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Old 22nd April 2020, 08:32 AM   #664
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Originally Posted by johnny karate View Post
The fundamental flaw in Republican thinking on this issue is that they are ideologically opposed to having a robust safety net and are now being faced with the reality of why we need a robust safety net.
I'm not sure that anything has happened that would make them think a permanent safety-net would be needed, certainly not one sufficient to handle this. The way many of them would see it is that you are recommending greatly expanding government to cope with the situation where government shuts down the economy. Something feels a little circular about that. They'd see you as asking to make an emergency expansion of government power permanent.

It seems to me that there is a common assumption that Republican's are one real life experience of strife away from becoming big government progressives. That's like assuming that Democrats are one interaction with incompetent government bureaucracy away from becoming small government libertarians.
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Old 22nd April 2020, 08:39 AM   #665
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Looking at townhall.com, one thing that I notice an awful lot is that I have seen more pictures of Gretchen Whitmer than I ever thought possible. At the beginning of this crisis, I would not have been able to recognize a picture of my governor. Now, she's everywhere. She is definitely the right wing' s poster child for overreaching government right now.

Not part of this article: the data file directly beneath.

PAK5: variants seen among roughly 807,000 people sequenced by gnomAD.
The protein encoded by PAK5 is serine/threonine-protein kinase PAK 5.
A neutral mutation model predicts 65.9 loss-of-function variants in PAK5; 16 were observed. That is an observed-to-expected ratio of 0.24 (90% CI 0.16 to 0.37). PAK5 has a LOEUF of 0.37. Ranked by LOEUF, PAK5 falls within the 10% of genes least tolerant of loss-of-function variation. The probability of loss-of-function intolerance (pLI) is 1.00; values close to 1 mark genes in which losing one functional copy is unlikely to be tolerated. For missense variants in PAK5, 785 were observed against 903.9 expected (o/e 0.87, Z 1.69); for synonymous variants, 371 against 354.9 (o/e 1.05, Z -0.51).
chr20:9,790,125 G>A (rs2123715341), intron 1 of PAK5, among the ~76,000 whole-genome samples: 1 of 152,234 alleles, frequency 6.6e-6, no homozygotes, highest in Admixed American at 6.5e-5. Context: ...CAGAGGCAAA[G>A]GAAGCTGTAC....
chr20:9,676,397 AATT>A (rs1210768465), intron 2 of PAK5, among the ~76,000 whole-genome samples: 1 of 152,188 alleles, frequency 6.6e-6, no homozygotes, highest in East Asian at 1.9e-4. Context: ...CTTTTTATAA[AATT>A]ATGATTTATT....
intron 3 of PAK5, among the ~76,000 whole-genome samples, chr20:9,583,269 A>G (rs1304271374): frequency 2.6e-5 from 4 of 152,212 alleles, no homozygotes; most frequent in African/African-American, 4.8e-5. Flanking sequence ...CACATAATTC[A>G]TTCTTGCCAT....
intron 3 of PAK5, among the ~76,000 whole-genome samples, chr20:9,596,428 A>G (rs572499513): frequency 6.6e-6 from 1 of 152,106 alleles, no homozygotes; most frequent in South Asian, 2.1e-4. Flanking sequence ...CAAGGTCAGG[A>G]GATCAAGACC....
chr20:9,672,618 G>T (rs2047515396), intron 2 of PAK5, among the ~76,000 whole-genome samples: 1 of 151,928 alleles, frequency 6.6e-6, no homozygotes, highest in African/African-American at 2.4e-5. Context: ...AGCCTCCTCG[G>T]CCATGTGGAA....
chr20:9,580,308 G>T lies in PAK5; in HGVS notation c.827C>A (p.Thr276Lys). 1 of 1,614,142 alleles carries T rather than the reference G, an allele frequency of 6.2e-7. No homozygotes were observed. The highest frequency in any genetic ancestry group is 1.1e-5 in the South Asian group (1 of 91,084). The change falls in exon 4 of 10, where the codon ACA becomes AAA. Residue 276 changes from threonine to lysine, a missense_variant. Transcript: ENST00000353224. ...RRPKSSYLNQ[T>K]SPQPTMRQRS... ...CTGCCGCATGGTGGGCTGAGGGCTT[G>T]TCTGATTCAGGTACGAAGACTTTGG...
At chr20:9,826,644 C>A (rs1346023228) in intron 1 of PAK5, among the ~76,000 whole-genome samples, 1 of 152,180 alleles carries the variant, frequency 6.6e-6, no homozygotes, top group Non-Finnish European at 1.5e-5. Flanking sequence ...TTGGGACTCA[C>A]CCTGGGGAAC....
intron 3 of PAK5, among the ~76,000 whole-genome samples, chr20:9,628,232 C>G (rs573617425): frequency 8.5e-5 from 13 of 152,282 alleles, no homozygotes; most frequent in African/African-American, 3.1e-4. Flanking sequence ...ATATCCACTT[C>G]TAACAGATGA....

If, within the next three months, most Americans end up agreeing that the lockdowns were a good idea, I think she will end up being Joe Biden's VP, which makes it a good chance she will eventually be the first woman President of the United States. If, three months from now, most Americans think the lockdowns went too far, she'll be a one term governor and will have to become a working lawyer.
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Old 22nd April 2020, 08:41 AM   #666
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Originally Posted by johnny karate View Post
The “real nurses” claim got your skeptic senses tingling.

The “paid actors” claim did not.

Why?
There wouldn't be a lot of point in my asking you for evidence for that they were paid actors. You had said they were real nurses, so I asked you about that. If somebody on here said that they were paid actors, then I'd have asked about that.

You are projecting a bunch of motives and beliefs onto me that aren't mine.

Originally Posted by johnny karate View Post
Because that information was readily available and easy to find on my own.
Terrific, I missed it, that's on me. I did have a look before and I found the statements from the photographer saying she didn't know, and that initial attempts to track them down had failed.
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Old 22nd April 2020, 08:42 AM   #667
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Originally Posted by shuttlt View Post